This supervision, therefore, requires a coordinated approach. Supervision Coordination Groups consisting of the national data protection authorities and the EDPS, meet regularly to coordinate their activities. Their secretariat is provided by the EDPS. Article 62 of Regulation 2018/1725 provides for a harmonised model of coordinated supervision, applicable where the relevant act of Union law refers to this Article. Pursuant to Article 62, the EDPS and the national data protection authorities, each acting within their respective competences, shall cooperate actively within the framework of their responsibilities to ensure effective supervision of large-scale IT systems and of Union bodies, offices and agencies. They shall meet for these purposes within the framework of the European Data Protection Board (EDPB). In other words, the coordinated supervision concerning the large-scale IT systems mentioned below remains applicable until it is aligned with Article 62.
Please note that due to this setup, the EDPS cannot help you with complaints concerning your information contained in any of the databases. Please contact the relevant national data protection authority.
The Schengen Information System (SIS) is a database used for police cooperation and border control.
It includes information on wanted or missing persons and persons under surveillance by the police.
The database only contains information on those people who live outside the Schengen area and are banned from entering it.
The database also contains information on stolen or missing vehicles and objects such as identity papers, vehicle registration certificates and vehicle number plates.
The Regulation that established the SIS database, Regulation (EC) 1987/2006 (SIS II Regulation) and Council Decision 2007/533/JHA (SIS II Decision), obliges the EDPS to inspect the SIS at least every four years.
The SIS Supervision Coordination Group has prepared a guide to help you exercise your rights in the SIS (English only, but a summary is available in all EU languages).
The Visa Information System (VIS) is a database which contains information, photographs and fingerprint data on those applying for short-stay visas in the Schengen Area.
One of the main purposes of the database is to prevent visa shopping or the practice of applying for a visa in other EU Member States when the first application has been rejected.
EURODAC contains the fingerprints of applicants for asylum and irregular immigrants within the EU.
It helps in the effective application of the Dublin Regulation which determines the Member State responsible for examining an asylum application.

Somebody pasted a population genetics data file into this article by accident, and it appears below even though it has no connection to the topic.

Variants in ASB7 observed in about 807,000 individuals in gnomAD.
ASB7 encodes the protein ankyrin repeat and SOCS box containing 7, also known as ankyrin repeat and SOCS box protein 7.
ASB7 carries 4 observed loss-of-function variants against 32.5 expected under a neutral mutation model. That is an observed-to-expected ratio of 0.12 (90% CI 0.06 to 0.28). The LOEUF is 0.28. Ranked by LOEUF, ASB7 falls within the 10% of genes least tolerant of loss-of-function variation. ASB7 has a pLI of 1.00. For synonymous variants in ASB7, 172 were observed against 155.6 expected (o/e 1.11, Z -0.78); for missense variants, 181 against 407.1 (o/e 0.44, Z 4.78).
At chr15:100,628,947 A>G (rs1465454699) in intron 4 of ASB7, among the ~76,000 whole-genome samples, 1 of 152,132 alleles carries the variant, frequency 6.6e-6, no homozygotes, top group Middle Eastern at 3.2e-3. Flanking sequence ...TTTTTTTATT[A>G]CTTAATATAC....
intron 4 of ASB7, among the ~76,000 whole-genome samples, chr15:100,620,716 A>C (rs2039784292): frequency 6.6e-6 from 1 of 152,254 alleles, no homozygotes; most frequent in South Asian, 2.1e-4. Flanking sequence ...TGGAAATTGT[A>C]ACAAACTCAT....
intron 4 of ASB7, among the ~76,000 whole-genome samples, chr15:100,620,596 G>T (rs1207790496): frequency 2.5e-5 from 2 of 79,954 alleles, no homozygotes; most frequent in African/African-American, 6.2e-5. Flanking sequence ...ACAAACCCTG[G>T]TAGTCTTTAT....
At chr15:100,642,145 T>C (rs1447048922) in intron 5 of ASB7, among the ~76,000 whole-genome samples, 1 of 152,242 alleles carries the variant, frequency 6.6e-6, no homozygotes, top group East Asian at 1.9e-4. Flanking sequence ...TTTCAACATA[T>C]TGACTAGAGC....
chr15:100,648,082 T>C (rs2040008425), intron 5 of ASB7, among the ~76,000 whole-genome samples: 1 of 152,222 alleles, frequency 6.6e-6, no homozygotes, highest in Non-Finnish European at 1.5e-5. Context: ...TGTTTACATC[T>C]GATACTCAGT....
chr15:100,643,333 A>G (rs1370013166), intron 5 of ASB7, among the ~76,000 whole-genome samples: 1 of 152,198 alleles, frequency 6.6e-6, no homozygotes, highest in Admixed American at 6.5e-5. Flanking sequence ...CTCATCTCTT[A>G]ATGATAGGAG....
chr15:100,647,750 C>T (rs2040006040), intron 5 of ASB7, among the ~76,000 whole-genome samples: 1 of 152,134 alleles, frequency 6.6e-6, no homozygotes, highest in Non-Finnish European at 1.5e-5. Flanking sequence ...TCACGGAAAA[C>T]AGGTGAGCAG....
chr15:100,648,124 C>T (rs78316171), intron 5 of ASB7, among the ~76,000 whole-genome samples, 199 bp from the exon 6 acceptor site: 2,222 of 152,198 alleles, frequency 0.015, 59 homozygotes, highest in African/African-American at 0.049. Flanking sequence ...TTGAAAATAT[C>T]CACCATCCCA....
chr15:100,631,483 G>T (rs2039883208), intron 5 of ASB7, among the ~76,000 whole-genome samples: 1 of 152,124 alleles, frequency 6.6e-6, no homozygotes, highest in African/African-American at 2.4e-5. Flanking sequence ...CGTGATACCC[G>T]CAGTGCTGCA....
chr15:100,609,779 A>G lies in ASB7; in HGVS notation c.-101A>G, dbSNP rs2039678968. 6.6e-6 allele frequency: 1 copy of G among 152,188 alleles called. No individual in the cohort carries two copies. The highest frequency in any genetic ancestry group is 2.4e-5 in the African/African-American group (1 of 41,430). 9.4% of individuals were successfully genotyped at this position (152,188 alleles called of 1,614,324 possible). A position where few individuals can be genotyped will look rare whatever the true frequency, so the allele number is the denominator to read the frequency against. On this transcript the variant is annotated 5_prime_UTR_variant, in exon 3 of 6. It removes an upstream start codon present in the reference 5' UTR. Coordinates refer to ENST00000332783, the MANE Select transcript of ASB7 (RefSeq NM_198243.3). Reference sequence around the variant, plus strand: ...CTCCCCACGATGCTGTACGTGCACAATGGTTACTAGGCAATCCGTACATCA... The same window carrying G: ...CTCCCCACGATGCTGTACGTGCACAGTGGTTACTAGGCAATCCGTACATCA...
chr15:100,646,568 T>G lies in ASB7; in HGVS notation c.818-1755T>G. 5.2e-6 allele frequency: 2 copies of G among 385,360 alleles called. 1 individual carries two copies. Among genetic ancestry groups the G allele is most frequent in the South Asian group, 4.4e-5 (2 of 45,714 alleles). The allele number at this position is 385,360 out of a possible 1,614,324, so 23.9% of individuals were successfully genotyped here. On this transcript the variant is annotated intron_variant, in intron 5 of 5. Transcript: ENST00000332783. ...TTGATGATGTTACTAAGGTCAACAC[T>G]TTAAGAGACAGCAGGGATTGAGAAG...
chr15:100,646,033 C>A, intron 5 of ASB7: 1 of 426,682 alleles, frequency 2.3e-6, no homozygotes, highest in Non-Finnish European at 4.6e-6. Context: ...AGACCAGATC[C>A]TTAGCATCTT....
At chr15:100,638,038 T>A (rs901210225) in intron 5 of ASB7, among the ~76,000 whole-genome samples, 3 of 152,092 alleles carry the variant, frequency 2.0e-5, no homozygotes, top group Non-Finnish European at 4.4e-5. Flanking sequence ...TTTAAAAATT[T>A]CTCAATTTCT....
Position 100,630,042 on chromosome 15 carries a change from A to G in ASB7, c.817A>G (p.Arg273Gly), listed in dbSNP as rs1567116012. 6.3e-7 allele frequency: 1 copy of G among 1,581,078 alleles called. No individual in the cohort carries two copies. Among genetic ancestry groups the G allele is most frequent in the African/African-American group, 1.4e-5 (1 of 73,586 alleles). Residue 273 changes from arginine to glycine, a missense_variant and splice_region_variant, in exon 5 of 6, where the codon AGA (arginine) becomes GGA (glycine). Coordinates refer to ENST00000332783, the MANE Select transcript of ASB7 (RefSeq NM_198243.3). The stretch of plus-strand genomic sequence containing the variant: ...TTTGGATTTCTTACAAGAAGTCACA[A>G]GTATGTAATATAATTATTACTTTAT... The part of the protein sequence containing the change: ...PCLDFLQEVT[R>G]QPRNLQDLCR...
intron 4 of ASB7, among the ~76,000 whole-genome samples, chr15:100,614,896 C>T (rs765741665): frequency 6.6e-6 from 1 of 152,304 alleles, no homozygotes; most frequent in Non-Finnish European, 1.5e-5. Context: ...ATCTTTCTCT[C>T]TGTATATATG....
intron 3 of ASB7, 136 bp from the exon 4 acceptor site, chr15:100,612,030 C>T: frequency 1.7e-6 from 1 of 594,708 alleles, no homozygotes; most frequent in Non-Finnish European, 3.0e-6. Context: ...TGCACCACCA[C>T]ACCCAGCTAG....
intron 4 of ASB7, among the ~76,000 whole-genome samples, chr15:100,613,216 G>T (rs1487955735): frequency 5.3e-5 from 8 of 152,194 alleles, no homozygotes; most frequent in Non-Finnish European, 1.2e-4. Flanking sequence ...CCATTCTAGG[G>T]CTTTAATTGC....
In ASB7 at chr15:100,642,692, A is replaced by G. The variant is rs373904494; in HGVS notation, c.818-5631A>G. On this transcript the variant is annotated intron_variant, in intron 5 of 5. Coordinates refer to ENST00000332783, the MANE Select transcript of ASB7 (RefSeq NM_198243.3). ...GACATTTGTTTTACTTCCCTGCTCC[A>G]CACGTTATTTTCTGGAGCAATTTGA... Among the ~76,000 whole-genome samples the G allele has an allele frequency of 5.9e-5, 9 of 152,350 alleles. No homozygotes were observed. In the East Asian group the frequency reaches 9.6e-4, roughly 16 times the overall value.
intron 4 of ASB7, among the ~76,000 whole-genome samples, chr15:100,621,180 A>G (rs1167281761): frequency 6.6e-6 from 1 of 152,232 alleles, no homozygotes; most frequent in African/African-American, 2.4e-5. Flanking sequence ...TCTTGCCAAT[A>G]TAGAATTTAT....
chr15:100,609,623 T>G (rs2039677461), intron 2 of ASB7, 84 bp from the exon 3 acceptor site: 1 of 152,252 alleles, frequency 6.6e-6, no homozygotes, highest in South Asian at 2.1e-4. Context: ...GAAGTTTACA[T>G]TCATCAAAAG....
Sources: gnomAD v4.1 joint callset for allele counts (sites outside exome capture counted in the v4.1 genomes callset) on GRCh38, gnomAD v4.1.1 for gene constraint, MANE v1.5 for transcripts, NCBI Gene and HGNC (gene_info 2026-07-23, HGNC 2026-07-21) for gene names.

Customs Information System and the Customs Files Identification Database
The Customs Information System (CIS) is a platform for exchanging information between customs authorities in the EU Member States.
The Customs Files Identification Database (FIDE after its French name fichier d'identification d'enquêtes douanières) is an index of persons and entities who are or have been investigated by Customs authorities in the Member States.
Regulation (EC) No 515/1997 established the use of CIS and FIDE for customs fraud cases when importing agricultural products; Council Decision 2009/917/JHA established the use of CIS and FIDE in arms and drug trafficking cases. The latter is supervised by the Customs Joint supervisory Authority (JSA).
Regulation (EU) 1024/2012 established the Internal Market Information System (IMI) application. The IMI is a software application accessible via the internet, developed and hosted by the European Commission. It was developed to provide a secure way to exchange information between Member States.
It helps, among other things, to verify the validity of professional qualifications of those wanting to work in another EU country than their own.
Following a recent revision of the IMI Regulation 1024/2012, the coordinated supervision of the IMI system has been aligned with the Article 62 model of Regulation 2018/1725. Pursuant to Article 62, the EDPS and the national data protection authorities, each acting within their respective competences, shall cooperate actively within the framework of their responsibilities to ensure effective supervision of large-scale IT systems and of Union bodies, offices and agencies. As a result, the support for the IMI Supervision Coordination Group has been handed over to the EDPB Secretariat.